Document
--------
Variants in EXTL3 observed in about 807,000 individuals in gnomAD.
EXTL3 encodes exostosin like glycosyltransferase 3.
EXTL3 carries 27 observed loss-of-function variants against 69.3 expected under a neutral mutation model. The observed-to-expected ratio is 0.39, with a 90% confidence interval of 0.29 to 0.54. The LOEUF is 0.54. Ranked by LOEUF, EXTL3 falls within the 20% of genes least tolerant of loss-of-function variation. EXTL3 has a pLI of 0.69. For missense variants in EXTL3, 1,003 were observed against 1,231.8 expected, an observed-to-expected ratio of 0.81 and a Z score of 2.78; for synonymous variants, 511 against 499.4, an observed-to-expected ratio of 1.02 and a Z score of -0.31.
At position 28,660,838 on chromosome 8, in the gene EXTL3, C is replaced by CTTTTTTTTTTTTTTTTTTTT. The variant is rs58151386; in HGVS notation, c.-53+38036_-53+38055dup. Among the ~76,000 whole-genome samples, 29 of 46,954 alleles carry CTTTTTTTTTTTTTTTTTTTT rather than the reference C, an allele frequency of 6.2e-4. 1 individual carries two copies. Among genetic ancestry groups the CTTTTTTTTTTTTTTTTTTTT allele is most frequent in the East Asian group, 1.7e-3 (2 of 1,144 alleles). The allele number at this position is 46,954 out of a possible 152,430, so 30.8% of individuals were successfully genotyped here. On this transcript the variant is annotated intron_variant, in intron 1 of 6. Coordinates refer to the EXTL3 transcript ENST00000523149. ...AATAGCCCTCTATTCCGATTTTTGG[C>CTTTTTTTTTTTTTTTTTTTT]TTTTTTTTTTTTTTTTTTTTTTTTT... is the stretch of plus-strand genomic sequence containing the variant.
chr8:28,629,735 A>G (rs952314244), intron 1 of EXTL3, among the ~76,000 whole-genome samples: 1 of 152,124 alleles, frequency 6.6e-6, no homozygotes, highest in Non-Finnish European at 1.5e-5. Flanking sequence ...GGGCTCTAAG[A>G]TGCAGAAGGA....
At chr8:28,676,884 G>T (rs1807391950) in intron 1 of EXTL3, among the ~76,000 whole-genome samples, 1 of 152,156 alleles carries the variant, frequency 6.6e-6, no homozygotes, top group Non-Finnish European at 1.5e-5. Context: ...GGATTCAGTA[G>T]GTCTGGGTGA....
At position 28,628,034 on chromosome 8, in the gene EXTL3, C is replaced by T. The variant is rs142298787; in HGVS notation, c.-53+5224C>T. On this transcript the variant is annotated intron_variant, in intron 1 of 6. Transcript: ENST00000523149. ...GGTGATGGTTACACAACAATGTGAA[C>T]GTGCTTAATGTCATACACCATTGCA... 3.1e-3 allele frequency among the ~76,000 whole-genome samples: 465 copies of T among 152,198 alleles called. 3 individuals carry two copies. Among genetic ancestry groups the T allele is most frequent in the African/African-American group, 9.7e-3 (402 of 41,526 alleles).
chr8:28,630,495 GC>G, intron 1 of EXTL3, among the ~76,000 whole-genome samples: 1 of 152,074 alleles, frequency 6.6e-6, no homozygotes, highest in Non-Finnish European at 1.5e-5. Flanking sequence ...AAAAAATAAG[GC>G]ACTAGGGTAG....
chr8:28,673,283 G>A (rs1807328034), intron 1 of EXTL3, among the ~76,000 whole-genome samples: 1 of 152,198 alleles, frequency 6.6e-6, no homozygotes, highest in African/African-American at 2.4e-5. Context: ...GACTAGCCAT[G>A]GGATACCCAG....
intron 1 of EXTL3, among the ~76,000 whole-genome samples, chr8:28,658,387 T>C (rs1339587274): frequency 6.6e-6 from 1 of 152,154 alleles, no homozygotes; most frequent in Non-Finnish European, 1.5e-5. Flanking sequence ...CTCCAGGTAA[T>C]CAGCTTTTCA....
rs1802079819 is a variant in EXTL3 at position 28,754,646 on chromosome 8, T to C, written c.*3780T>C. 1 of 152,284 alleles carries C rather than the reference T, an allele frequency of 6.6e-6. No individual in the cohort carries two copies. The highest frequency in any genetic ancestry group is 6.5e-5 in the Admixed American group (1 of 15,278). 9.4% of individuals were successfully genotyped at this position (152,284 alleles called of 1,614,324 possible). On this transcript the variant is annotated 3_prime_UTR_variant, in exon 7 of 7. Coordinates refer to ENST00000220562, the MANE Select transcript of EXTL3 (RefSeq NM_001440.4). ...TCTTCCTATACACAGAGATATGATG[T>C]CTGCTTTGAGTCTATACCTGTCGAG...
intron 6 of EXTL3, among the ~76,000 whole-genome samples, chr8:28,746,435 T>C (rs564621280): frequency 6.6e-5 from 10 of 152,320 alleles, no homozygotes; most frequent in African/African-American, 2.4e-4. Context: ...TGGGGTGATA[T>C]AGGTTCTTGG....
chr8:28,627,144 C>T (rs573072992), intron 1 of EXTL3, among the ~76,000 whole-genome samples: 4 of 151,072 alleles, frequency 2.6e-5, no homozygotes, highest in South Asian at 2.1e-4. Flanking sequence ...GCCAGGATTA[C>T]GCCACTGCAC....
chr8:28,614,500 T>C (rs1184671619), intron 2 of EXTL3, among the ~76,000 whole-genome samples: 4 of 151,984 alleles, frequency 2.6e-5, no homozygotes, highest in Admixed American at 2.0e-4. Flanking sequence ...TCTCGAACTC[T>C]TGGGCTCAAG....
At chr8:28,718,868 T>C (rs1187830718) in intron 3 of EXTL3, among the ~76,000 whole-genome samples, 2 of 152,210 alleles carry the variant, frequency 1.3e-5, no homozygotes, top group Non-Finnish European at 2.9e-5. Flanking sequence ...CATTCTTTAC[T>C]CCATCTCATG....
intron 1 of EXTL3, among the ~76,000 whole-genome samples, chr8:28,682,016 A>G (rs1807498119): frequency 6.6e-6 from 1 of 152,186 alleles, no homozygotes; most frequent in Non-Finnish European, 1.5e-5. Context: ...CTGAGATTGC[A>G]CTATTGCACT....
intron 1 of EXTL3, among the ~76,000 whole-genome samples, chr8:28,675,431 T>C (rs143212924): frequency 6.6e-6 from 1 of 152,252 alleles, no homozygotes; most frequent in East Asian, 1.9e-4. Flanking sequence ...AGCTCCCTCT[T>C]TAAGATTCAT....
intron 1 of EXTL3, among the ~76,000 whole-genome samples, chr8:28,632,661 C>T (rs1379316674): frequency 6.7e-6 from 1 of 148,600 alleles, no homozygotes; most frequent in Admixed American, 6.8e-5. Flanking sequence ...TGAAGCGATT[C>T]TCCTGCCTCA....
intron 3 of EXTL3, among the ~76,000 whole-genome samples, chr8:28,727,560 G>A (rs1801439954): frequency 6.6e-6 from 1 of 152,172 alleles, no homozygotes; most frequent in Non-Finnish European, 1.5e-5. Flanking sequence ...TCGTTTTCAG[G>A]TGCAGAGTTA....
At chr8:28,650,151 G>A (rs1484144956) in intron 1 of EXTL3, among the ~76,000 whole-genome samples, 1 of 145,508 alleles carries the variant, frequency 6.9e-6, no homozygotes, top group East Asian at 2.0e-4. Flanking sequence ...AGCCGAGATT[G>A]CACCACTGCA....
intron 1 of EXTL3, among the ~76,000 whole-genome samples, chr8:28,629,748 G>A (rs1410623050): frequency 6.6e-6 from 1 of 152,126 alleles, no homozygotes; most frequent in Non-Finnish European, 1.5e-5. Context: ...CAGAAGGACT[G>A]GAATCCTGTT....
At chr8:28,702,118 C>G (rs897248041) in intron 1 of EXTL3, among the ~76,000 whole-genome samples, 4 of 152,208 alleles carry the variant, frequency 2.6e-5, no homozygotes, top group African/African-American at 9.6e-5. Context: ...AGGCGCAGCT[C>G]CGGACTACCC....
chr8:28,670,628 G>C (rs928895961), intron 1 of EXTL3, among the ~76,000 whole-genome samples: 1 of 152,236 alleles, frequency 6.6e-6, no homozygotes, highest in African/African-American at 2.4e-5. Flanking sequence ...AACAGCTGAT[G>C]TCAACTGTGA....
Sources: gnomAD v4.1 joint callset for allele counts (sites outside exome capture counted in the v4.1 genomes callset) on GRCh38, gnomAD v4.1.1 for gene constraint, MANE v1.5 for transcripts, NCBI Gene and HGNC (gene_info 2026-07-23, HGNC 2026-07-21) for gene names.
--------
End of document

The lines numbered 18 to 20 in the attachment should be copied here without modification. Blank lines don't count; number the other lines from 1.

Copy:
intron 1 of EXTL3, among the ~76,000 whole-genome samples, chr8:28,632,661 C>T (rs1379316674): frequency 6.7e-6 from 1 of 148,600 alleles, no homozygotes; most frequent in Admixed American, 6.8e-5. Flanking sequence ...TGAAGCGATT[C>T]TCCTGCCTCA....
intron 3 of EXTL3, among the ~76,000 whole-genome samples, chr8:28,727,560 G>A (rs1801439954): frequency 6.6e-6 from 1 of 152,172 alleles, no homozygotes; most frequent in Non-Finnish European, 1.5e-5. Flanking sequence ...TCGTTTTCAG[G>A]TGCAGAGTTA....
At chr8:28,650,151 G>A (rs1484144956) in intron 1 of EXTL3, among the ~76,000 whole-genome samples, 1 of 145,508 alleles carries the variant, frequency 6.9e-6, no homozygotes, top group East Asian at 2.0e-4. Flanking sequence ...AGCCGAGATT[G>A]CACCACTGCA....